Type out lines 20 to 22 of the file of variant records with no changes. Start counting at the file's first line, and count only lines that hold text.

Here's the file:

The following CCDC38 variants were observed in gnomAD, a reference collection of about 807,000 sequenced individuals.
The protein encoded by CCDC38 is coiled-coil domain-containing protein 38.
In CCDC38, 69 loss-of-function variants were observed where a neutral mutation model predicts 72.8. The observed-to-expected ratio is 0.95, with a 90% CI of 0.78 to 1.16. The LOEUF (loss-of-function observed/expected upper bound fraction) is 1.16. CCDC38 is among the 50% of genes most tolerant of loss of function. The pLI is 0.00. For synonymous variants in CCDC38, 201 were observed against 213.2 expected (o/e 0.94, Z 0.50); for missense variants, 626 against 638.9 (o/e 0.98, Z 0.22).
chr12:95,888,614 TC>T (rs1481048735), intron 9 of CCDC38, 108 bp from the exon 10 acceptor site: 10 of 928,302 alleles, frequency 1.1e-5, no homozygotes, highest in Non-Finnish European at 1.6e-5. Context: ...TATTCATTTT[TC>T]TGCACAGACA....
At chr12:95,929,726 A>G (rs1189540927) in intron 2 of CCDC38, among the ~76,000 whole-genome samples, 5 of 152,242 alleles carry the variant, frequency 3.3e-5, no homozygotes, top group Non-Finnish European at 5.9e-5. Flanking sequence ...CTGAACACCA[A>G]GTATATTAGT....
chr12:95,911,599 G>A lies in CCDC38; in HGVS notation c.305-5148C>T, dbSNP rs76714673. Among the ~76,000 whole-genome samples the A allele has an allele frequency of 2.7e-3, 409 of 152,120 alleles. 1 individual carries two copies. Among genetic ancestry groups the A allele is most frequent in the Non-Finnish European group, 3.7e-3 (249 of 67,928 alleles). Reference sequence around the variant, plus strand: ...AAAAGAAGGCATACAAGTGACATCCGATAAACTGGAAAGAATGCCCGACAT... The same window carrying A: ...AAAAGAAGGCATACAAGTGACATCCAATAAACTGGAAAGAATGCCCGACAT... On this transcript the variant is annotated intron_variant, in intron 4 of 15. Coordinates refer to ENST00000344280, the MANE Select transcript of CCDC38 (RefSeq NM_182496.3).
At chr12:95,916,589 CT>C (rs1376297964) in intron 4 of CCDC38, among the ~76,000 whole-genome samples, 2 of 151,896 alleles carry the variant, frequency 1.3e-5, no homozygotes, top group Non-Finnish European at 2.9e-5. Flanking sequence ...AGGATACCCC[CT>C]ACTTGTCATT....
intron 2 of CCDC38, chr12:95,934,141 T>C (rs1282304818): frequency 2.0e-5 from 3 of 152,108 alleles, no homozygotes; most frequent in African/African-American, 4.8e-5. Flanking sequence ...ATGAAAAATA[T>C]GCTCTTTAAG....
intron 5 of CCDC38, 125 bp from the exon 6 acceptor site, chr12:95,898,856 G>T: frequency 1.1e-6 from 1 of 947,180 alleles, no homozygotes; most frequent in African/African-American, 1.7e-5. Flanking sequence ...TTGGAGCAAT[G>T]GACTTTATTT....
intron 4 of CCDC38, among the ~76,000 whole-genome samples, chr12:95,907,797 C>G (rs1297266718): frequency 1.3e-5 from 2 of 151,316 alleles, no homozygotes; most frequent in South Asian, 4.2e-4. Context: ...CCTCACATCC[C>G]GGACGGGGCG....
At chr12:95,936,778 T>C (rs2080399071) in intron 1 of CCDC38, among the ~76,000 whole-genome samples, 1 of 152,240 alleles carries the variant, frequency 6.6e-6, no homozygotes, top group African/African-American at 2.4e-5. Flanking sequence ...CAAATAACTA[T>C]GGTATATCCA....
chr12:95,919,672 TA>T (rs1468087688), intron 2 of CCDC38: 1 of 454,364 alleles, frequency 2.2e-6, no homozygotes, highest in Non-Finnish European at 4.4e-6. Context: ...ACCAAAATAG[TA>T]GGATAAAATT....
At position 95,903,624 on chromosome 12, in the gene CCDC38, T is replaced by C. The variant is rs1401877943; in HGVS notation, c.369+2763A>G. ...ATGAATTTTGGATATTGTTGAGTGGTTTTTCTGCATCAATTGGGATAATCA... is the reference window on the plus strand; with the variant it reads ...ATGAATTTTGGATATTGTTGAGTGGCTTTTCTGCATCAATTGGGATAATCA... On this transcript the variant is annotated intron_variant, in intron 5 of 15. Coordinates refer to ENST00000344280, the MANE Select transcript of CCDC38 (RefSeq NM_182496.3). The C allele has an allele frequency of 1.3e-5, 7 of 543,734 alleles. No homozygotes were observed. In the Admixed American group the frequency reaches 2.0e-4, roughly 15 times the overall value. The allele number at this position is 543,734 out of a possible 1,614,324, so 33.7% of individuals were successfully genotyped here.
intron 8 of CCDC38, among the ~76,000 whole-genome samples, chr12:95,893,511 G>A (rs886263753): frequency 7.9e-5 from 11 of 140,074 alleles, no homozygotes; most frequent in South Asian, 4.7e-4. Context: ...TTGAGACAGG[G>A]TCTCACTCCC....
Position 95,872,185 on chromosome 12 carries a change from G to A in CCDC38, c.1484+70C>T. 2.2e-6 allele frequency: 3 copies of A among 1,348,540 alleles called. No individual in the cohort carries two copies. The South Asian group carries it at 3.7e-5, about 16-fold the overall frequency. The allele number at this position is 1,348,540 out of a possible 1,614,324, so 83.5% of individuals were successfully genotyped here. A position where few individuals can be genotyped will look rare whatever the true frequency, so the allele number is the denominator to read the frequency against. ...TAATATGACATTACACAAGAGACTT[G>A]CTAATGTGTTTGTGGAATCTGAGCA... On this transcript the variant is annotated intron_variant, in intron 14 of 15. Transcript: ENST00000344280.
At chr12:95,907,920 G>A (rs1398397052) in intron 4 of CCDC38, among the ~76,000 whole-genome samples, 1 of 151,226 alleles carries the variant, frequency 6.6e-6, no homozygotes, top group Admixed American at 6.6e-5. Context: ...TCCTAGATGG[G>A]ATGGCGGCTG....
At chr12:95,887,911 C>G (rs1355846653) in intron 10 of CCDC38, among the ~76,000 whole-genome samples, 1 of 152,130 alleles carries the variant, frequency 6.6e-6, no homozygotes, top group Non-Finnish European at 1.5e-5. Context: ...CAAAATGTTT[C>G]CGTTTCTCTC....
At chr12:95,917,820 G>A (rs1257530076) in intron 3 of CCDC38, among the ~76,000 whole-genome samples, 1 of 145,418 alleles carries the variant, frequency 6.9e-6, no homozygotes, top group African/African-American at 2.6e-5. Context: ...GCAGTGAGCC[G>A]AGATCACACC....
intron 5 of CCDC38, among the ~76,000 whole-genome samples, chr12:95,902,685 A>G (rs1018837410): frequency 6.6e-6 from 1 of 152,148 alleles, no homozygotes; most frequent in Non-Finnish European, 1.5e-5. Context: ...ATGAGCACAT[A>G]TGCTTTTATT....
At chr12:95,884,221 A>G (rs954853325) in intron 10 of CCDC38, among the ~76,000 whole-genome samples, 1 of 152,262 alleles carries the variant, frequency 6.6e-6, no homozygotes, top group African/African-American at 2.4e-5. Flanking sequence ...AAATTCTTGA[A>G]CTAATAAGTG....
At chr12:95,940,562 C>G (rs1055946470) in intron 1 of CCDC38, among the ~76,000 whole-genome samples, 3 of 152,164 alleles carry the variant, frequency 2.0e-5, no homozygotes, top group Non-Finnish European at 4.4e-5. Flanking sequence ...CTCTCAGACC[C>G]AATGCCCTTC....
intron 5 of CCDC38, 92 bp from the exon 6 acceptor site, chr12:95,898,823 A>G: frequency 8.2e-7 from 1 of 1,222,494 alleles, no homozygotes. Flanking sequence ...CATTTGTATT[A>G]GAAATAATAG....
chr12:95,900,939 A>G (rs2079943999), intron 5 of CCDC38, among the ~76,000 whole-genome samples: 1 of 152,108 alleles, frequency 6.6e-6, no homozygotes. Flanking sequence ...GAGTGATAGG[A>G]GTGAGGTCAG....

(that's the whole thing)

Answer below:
At chr12:95,884,221 A>G (rs954853325) in intron 10 of CCDC38, among the ~76,000 whole-genome samples, 1 of 152,262 alleles carries the variant, frequency 6.6e-6, no homozygotes, top group African/African-American at 2.4e-5. Flanking sequence ...AAATTCTTGA[A>G]CTAATAAGTG....
At chr12:95,940,562 C>G (rs1055946470) in intron 1 of CCDC38, among the ~76,000 whole-genome samples, 3 of 152,164 alleles carry the variant, frequency 2.0e-5, no homozygotes, top group Non-Finnish European at 4.4e-5. Flanking sequence ...CTCTCAGACC[C>G]AATGCCCTTC....
intron 5 of CCDC38, 92 bp from the exon 6 acceptor site, chr12:95,898,823 A>G: frequency 8.2e-7 from 1 of 1,222,494 alleles, no homozygotes. Flanking sequence ...CATTTGTATT[A>G]GAAATAATAG....